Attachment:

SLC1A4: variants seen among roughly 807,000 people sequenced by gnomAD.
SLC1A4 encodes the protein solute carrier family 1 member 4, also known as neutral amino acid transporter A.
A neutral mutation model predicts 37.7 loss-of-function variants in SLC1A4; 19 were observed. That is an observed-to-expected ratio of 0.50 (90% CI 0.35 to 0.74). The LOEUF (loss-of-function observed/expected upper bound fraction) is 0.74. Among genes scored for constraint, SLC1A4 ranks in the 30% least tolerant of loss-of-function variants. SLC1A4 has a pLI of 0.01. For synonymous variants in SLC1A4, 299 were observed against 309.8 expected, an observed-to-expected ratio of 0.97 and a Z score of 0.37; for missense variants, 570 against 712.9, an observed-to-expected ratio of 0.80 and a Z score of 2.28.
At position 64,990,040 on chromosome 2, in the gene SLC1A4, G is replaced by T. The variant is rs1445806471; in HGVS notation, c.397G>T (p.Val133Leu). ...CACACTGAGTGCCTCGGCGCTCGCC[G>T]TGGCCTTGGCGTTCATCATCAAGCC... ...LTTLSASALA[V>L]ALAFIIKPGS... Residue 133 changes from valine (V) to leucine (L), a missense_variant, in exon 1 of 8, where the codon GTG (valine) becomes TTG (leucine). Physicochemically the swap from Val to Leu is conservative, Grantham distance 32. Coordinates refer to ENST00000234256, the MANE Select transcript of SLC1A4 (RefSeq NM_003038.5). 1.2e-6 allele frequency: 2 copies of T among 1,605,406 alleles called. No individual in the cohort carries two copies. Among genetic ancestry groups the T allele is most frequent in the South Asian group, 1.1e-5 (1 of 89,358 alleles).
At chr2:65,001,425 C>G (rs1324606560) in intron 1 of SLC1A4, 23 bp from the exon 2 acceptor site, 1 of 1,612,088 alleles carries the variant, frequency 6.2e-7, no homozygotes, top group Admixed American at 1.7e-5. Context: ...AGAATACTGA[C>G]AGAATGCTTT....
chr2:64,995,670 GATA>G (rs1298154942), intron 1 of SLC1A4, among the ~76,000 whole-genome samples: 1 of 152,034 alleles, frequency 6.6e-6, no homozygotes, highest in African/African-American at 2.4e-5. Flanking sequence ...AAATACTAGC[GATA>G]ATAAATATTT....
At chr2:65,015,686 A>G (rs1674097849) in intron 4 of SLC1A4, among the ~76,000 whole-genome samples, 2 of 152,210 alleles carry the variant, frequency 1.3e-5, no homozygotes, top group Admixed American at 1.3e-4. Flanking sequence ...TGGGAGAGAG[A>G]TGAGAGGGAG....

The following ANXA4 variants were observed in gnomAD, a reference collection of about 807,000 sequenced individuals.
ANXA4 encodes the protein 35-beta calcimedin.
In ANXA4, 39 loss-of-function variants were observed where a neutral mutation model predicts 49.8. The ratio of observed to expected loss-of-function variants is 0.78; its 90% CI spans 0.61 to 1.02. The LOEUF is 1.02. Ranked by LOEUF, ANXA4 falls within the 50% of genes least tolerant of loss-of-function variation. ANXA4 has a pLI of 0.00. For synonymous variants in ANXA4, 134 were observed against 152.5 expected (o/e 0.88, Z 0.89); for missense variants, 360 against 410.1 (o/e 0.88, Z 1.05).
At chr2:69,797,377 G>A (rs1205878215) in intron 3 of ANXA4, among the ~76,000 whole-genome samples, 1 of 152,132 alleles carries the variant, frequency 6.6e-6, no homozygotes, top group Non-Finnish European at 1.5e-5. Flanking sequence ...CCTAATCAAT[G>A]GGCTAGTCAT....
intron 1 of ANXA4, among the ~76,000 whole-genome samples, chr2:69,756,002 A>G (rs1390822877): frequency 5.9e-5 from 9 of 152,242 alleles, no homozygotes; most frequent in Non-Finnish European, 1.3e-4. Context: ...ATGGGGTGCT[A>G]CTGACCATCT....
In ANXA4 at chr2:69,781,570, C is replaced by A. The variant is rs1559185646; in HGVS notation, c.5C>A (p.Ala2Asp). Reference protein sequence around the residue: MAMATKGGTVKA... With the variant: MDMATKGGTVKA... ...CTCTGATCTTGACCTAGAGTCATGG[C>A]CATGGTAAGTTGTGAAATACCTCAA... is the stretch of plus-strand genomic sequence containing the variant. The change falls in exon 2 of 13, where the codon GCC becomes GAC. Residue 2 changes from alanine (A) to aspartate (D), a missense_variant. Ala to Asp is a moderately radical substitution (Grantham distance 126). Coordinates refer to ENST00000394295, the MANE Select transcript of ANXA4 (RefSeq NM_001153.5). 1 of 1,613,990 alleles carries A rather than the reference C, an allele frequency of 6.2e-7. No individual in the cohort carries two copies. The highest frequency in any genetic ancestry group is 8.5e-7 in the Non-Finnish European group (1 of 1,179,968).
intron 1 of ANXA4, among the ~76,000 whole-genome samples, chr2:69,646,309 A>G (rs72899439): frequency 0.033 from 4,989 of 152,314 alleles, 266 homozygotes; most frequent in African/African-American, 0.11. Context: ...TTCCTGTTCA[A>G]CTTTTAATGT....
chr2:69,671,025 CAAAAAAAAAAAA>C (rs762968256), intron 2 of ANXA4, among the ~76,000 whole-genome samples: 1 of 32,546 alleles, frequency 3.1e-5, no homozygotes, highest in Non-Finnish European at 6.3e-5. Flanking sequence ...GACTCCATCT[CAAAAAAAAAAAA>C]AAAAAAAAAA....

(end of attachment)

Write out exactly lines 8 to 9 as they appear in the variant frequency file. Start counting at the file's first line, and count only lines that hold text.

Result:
The following ANXA4 variants were observed in gnomAD, a reference collection of about 807,000 sequenced individuals.
ANXA4 encodes the protein 35-beta calcimedin.